Soaked in the Spirit

Men with flowers in their hair jump into wells to retrieve pineapples. Sounds crazy? When it's festival time in Goa, nothing is too much

Goa in monsoon is a place of beauty, though most domestic tourists tend to aim for the spring carnival or the New Year’s Eve festivities. But the rains make the Goa greenery come alive, and this is also the time to do the ‘rain dance’ – at the Sao Joao festival, which is celebrated all over north Goa on June 24 every year.

Sao Joao is Portuguese for Saint John the Baptist, and in these celebrations to honour the patron saint, all the young men of Goa, with flowers in their hair, jump into wells to retrieve gifts thrown into those wells by villagers.

Monsoon was delayed this year – was it the El Nino effect? – so this high-spirited festival was somewhat bereft of rain when I got there. But everyone danced anyway. The entire town of Panjim (also called Panaji) was a lively and rhapsodic place, its streets bedecked with colourful flags and the masses chanting, “Sao Joao, Sao Joao, viva Sao Joao.” The leafy floral crowns worn by the men – and also by actor Lara Dutta, who was a special guest – are called copels. A local Goan told me that in the earlier days, these copels were made with seasonal flowers, fruits and berries that were harvested right before the commencement of the Sao Joao festival.

How did the leaping tradition begin? According to the Christian scriptures, the unborn Saint John was ‘leaping for joy’ in his mother Elizabeth’s womb when Mary, the mother of Jesus, had come to visit her. It is also believed that St John baptised Jesus in the river Jordan, near Jericho, a Middle Eastern city.

The Goa celebrations at the Campal Grounds in Panjim city started with enthusiastic villagers and local people offering prayers to the Lord. Then came the exhilarating, trademark practice of the fiesta – people proceeded towards the well and jumped into it with joyful cries to retrieve the fruits, mainly pineapples, jackfruits, moussrad mango and bottles of their local drink ‘feni’, a potent drink made from cashew nuts and coconuts. These days, the jumping ritual is done in swimming pools, too. Kabir Pinto Makhija, the deputy mayor of Panjim municipality, jumped into one such pool, where a birthday cake was floating for him. He cut the cake to huge applause from the onlookers.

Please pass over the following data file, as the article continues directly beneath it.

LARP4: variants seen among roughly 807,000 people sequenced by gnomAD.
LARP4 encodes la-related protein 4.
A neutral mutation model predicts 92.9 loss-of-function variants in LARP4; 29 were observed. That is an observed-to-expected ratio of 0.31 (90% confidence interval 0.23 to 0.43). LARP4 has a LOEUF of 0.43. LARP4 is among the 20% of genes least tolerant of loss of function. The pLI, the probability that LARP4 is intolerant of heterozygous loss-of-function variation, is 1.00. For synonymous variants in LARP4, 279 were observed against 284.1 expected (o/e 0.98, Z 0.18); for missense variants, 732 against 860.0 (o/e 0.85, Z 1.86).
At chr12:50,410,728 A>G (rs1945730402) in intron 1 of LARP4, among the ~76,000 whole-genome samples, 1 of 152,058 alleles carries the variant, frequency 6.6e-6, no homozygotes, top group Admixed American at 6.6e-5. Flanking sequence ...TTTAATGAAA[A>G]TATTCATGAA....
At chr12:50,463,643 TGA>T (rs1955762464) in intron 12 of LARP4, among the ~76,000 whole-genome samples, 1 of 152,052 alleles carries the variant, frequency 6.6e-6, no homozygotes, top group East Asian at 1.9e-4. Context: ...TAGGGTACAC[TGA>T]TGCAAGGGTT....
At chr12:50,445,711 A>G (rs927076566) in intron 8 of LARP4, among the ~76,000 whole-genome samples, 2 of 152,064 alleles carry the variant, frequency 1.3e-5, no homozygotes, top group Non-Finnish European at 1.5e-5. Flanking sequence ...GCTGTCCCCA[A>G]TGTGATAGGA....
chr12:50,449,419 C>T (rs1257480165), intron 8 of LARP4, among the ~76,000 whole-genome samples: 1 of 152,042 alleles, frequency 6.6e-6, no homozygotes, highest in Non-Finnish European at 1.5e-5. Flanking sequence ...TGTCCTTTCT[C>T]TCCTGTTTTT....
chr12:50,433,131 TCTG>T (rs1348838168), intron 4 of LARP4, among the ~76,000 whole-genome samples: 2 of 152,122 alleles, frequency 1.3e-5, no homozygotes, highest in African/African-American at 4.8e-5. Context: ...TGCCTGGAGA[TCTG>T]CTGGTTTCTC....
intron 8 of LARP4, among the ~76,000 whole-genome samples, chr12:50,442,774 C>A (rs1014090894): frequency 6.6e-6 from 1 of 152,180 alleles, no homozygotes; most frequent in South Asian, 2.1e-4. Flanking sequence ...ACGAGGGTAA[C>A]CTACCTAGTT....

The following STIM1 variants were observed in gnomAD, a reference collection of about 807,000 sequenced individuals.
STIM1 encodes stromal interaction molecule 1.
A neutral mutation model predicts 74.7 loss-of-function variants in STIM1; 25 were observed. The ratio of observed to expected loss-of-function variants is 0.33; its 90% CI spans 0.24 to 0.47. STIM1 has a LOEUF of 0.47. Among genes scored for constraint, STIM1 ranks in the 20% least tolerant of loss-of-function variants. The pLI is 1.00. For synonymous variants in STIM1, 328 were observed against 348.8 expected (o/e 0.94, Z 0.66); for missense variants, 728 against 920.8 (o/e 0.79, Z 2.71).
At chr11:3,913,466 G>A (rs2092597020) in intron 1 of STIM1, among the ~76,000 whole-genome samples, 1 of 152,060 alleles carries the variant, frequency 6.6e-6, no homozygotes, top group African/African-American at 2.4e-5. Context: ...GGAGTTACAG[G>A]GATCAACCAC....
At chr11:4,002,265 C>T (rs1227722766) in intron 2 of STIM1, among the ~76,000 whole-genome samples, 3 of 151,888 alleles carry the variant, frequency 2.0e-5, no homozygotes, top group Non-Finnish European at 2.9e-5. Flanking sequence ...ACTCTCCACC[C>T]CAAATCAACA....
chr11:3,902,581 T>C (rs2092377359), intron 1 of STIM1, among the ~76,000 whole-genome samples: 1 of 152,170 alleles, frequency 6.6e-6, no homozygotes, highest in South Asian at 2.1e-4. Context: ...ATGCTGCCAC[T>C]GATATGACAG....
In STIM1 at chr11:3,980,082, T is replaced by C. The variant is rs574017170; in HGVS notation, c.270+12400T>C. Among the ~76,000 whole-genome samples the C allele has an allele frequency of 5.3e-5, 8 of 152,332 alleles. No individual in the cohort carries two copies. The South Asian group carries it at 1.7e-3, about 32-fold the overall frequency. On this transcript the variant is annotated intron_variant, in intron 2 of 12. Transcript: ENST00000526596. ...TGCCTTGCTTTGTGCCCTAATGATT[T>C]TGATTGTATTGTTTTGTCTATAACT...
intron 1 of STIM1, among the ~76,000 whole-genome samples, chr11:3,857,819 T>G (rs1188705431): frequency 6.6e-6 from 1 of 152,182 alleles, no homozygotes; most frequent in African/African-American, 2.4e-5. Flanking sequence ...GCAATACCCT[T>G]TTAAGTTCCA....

The Sao Joao festival is a remarkable day for newly-weds, as they offer prayers for a child. Men are invited by their mothers-in-law for a feast that includes an assortment of typical Goan delicacies like sannas (rice cake), patodio (a vegetarian dish) and sorpotel (a pork preparation). Young women who are yet to find a match are sent by their mothers to throw vegetables and fruits into the water to fulfil their wish for a perfect match. Newborn babies get their share of the spotlight, too! The Sao Joao festival gives Goans another reason to make merry and get together in traditional ways with their families.

In front of St Anthony’s church at Siolim in North Goa, thousands of people gathered to catch a glimpse of the boat parade in the Anjuna river – and also the new drone that was hovering overhead, video filming the whole scene. History tells us that nearly 150 years ago, the tradition of the boat parades started from the charming hamlets of Chapora, Assagao and Siolim, where year after year revellers brought their boats to the chapel to participate in the dali (gifting) ritual and pay their respect. Sadly, this time the low water level prevented the boats from sailing like swans; instead they were pulled by the boatmen to the finishing spot. However, some of the boats were magnificent examples of artistry and craftsmanship. One boat that grabbed my attention was decorated with plastic bottles painted orange and with a prominent message: “Keep Goa clean, live happy.”

The Sao Joao festival doesn’t end in just a couple of hours; it starts in the daytime and goes on till sunset. The festival may have changed over the years but the spirit and essence remains the same. Now it’s a mix of traditional yet contemporary festivity, as wells are replaced by swimming pools, old style bands are replaced by DJs, and the whole idea of getting drenched in the rain has been taken over by those artificial rain dance parties. But as the saying goes, ‘you have to move with the times’ – and at Sao Joao, you must dance with the times.

For more information on festivals in Goa, visit